The evolution of psychology and reasons to enter the field today

During the last 25 years, psychological science has grown and advanced like never before. Many disciplines within the field have flourished and expanded since the Association for Psychological Science (APS) was founded in 1988. During that time, whole new subfields, research areas and methodologies have emerged. These cross both disciplinary and geographical boundaries, pointing to a trend toward global, integrative psychology. A new era of integrative science has begun, involving the full spectrum of disciplines, from humanities to genetics.

Here, we talk about how psychology has changed over the years and the possible reasons why you may want to enter this fascinating field.

The importance of studying the history of psychology 

Many educators believe that all students should study the history of psychology during their graduate and undergraduate training. Students learn how to think critically about psychology by studying the field’s mistakes and successes.

The history of psychology also shows how it has evolved as a result of modern culture, politics and economics. It provides perspective, context, and humility, and helps us understand how the psychology profession has developed in the larger cultural context.

Understanding the past gives us a better understanding of the world, including all cultures and nature. People can deal with conflict better by learning the causes and effects of historical events. Knowing the environmental history can enhance mankind’s health. Our future generations can gain valuable insight through a better understanding of history, even if human behavior is unpredictable at times. Time and place are not all there is to history. History offers us an opportunity to question humanity’s biggest question — “Why?”

The origins of psychology and philosophy

Psychology and philosophy have a lot in common, as the study of psychology is derived from philosophy. Empirical methods can be used to examine philosophical questions, and philosophical studies have therefore influenced the study of sensation, perception, intelligence, and memory in psychology.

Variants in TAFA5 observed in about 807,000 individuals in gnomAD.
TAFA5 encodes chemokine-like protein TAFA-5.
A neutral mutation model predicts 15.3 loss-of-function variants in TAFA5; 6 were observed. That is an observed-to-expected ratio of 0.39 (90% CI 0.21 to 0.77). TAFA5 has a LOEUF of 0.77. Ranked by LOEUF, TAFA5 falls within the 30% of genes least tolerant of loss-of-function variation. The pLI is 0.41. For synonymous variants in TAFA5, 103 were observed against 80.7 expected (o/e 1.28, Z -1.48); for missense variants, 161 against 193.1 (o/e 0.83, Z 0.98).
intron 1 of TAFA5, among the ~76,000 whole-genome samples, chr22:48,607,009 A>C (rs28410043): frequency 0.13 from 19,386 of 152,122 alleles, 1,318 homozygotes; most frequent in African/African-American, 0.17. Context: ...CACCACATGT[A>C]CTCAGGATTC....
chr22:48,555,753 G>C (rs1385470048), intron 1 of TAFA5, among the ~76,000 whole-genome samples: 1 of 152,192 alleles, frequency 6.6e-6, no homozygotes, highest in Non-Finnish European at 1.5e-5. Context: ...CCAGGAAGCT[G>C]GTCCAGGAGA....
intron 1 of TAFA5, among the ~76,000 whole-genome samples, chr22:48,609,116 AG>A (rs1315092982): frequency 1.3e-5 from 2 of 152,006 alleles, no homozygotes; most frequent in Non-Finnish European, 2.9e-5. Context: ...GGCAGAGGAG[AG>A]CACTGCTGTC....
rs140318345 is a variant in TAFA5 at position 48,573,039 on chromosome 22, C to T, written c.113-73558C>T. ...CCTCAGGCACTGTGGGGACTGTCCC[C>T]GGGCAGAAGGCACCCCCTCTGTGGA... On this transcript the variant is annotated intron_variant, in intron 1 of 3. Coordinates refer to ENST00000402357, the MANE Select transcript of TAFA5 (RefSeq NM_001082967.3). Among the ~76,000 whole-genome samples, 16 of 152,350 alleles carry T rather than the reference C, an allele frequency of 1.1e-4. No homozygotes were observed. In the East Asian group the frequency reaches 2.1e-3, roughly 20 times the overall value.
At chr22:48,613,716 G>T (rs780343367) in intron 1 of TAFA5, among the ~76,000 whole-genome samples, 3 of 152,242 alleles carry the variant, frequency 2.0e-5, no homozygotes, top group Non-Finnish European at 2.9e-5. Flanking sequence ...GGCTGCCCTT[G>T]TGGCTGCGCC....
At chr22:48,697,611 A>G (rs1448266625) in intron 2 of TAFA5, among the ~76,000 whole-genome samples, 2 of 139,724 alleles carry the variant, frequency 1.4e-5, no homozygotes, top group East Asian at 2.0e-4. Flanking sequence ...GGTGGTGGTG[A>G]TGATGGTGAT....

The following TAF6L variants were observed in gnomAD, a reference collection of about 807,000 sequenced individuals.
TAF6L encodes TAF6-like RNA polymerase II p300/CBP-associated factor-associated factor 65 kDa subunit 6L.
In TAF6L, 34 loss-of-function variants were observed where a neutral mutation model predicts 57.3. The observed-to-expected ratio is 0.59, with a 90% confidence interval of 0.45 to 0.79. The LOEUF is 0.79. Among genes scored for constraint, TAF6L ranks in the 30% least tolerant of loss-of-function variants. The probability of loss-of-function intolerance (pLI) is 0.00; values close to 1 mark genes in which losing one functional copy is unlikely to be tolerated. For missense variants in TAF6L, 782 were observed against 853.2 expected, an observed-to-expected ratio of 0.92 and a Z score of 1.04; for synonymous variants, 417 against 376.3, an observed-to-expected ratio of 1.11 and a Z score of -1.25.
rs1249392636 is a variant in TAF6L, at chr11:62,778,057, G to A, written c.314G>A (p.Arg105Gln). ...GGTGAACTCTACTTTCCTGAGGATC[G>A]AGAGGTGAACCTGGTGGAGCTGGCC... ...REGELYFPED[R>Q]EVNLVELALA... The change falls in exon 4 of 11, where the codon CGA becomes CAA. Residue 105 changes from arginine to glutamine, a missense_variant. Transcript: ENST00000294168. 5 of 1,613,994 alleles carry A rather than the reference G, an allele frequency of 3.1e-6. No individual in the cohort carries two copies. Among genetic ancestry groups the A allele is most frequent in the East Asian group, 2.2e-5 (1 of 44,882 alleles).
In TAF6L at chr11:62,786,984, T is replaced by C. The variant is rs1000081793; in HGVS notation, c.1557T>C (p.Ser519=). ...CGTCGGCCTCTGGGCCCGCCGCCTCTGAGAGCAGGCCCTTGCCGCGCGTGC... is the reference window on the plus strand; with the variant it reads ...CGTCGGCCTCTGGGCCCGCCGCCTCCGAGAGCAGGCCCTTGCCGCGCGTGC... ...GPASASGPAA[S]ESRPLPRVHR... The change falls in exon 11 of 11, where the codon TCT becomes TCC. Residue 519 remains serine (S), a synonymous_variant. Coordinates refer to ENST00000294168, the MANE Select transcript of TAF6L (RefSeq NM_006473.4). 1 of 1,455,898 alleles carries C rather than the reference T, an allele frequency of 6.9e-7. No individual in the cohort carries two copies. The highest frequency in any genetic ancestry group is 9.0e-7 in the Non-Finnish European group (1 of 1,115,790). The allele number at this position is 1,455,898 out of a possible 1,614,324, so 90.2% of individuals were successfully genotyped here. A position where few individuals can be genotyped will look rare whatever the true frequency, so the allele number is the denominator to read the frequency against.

As a result, each field comes up with different solutions. Even though they study the same things, they think differently. Philosophers and psychologists often come to different conclusions, even when using the same theories. Because of this, some professionals in each field see themselves as rivals.

‘Psychology’ is a Greek word meaning ‘psyche’ and ‘logos’. This translates to ‘soul’ and ‘study’. Therefore, psychology means studying the soul. A simple way to think about psychology is that it is the science that studies human behavior and the mind.

This explains what is going on in our ‘black box’ and how it affects the way we respond, considering the stimulus. As well as understanding how people receive and interpret information, psychology tries to get to the bottom of how they think.

Philosophical terms refer to the love of wisdom derived from the Greek words ‘philo’ and ‘sophia’. A philosopher’s goal is to solve real-life problems.

Physiology also played a role in the development of psychology. The study of physiological psychology is concerned with how the physical functions of the body (e.g. the nervous system, the brain functions, elements of neuroscience, etc.) relate to our learned and instinctive thoughts and behaviors. This is a fascinating field that was first addressed formally in the 1800s, although its roots go back a lot further.

Psychology becomes its own separate discipline

Psychology is a relatively young science with its experimental roots in the 19th century, compared, for example, to human physiology, which dates much earlier. As mentioned, anyone interested in exploring issues related to the mind generally did so in a philosophical context prior to the 19th century. Wilhelm Wundt was one of the founders of psychology as a science and academic discipline that was distinct from philosophy.

The goal of psychology, according to Wundt, is to identify the components of consciousness and to understand how they combine to produce the conscious experience.

Wundt examined the human mind as objectively as possible, making it like other natural phenomena. To achieve scientifically observable (repeatable) experiences of the mind, Wundt’s introspection used only very specific conditions.

The emergence of different psychological schools of thought

  • Structuralism

The first major school of psychology was founded by a student of Wundt’s, Edward B. Titchener. Through introspection, subjects were trained to analyze their reactions and responses to sensations and perceptions.

Structuralism, developed in 1898, often emphasized scientific research, but its methods are unreliable, limited, and rely on subjectivity. Structuralism pretty much died when Titchener died, in 1927.

  • Functionalism

In the mid to late 1800s, psychology was booming in America. Harvard’s psychology department, which was tied to the philosophy department at its inception, was founded by philosopher and psychologist William James. According to an essay James wrote in 1892, psychology was not a distinct discipline.

The first half of James’ career was spent doing laboratory research on sensation and perception. The James-Lange theory of emotion was developed based on the belief in the connection between mind and body. It says emotions are a result of physiological changes as a response to external stimuli. A functionalist perspective on psychology, developed by James, was inspired by evolutionary theory, which looked for causal relationships between internal and external states.

  • Psychoanalysis